What should you do if you spot chemical runoff?

By : Chris Peacock |February 23, 2018 |Blog |0 Comment

Chemical runoff is a major source of water pollution. It occurs when there is more water than land can absorb. In extreme cases, the excess flow of liquid can cause irreversible damage to everything in its path. However, with regular monitoring, the worst case scenario can be prevented.

Natural and human-made chemical runoff

To spot chemical runoff it is important to know what to look for. Water testing and monitoring equipment can help with this by highlighting dangerous substances in the water. Chemical runoff can be both a natural and human occurrence. Natural occurrences, like volcanic eruptions, cause toxic gases to be released, these make their way to the water or soil as precipitation.

Chemical runoff from human activity can be separated into two categories; point source and nonpoint source. Point source is any pollution that empties directly into a waterway, such as the waste products of a factory. Regulations are put in place to limit this amount. Nonpoint source is when chemicals do not go directly into waterways. This includes items such as fertilizer and gasoline that are carried by rainwater and irrigation into local streams.

Damage to the environment

According to the United Nations Development Programme, 80 per cent of all ocean pollution comes from land-based activities. Entire ecosystems can be destroyed by chemical runoff, and not only are those that inhabit the water at risk but also those that eat creatures of the sea, like birds and humans. Furthermore, often the concentration of pollutants increases as it moves up the food chain, a process known as biomagnification. Chemical runoff is also an economic threat in addition to being an environmental one. Damage to ecosystems can consequently affect the communities and jobs that rely on them to make a living, such as fishermen.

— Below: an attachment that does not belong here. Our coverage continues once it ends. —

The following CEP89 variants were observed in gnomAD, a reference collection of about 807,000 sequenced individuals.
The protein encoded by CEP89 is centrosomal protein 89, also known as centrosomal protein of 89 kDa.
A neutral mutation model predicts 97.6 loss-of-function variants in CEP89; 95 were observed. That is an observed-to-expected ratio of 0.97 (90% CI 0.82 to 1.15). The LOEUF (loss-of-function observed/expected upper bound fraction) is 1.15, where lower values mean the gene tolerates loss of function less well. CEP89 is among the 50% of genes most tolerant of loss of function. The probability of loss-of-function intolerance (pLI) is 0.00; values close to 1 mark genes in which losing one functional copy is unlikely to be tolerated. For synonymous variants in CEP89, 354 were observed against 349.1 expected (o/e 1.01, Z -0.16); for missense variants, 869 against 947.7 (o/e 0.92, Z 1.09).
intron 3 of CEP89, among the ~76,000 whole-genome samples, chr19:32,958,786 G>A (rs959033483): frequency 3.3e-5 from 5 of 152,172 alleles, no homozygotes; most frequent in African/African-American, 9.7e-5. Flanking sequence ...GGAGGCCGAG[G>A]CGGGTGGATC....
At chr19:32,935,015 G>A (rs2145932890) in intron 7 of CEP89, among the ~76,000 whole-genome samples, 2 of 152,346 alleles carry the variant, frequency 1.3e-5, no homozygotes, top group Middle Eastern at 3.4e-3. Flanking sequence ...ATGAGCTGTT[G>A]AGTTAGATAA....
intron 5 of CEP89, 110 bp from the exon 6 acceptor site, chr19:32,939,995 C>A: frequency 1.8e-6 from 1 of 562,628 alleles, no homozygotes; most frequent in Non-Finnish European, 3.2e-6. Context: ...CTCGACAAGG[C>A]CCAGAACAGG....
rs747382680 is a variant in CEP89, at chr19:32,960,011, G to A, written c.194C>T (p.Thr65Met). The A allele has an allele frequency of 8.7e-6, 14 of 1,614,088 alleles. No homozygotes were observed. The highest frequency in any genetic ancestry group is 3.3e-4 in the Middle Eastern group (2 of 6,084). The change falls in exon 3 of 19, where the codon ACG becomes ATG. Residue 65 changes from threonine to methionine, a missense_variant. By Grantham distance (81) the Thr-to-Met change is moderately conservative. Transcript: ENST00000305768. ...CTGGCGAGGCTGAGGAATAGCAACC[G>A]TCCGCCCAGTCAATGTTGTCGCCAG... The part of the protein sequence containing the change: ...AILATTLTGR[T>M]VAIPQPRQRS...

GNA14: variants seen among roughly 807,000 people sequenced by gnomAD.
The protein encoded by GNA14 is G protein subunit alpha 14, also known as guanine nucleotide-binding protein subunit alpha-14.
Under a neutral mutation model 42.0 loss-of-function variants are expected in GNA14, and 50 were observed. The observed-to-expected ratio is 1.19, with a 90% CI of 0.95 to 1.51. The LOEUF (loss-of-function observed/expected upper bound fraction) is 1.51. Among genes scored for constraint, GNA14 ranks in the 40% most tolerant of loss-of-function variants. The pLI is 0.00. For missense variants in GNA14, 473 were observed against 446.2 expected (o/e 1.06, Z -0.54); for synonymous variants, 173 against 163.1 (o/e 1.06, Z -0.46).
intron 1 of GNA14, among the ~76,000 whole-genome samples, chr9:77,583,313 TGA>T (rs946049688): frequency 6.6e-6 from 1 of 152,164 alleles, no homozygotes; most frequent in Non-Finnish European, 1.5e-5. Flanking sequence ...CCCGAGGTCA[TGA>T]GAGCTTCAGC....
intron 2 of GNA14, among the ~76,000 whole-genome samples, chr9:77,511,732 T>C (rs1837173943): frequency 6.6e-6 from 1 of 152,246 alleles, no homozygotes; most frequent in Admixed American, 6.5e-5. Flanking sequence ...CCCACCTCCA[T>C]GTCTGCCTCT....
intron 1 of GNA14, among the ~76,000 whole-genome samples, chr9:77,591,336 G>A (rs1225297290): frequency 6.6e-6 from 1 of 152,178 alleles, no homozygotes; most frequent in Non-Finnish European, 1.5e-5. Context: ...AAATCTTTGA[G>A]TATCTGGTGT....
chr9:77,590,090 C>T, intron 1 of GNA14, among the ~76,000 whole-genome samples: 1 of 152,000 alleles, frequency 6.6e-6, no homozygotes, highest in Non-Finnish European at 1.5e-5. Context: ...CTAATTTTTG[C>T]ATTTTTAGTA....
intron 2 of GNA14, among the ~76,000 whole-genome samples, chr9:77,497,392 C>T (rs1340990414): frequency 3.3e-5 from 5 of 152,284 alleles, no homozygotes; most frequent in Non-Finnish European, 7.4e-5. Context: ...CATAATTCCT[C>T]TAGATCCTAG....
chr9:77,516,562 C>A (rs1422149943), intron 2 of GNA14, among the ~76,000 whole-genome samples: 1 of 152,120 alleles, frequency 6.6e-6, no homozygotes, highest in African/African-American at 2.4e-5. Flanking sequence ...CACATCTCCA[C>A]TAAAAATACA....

Reducing the impact of chemical runoff

The effects of chemical runoff can be reduced in several ways. Farms are a major nonpoint source of chemical runoff, as rainwater and irrigation wash fertilizers and pesticides into bodies of water. This process is exacerbated when fertilizer is used just before heavy rainfall.Farmers can reduce the amount of fertilizer they use, adapt to the weather, and switch to more environmentally friendly varieties.

Another way to reduce the impact of chemical runoff in more urban areas is through increasing the number of permeable surface areas such as parks and fields. Soil acts like a sponge, so it filters and absorbs many harmful chemicals. City planners can also enforce laws on littering and pet waste disposal, and provide trash cans along popular pedestrian routes. Planting more vegetation can help prevent runoff from entering waterways.

Finally, businesses, such as restaurants, should dispose of waste and contaminated water according to regulations.

Test, test, and test again

If chemical runoff is suspected then precautions must be taken and testing carried out. Nevertheless, it is best to be proactive than reactive, and by regularly monitoring water quality you can act on the negative impact before it becomes a larger scale issue.

Testing the levels of dissolved oxygen and the water’s temperature are two of the most important factors in measuring the quality of water, as these clearly indicate its ability to support plants and animals. There are many different factors that affect the amount of dissolved oxygen in water, the main one is temperature. As water gets warmer, less gas is dissolved. Natural and human-made chemical runoff can affect a waterways temperature.


At Aquaread we offer a wide range of high-calibre water quality measuring devices that are all suitable for spot, short and long-term deployments. This equipment offers more accurate results compared to test strips and colour disk kits. If you have any questions about water quality testing then don’t hesitate to contact us.

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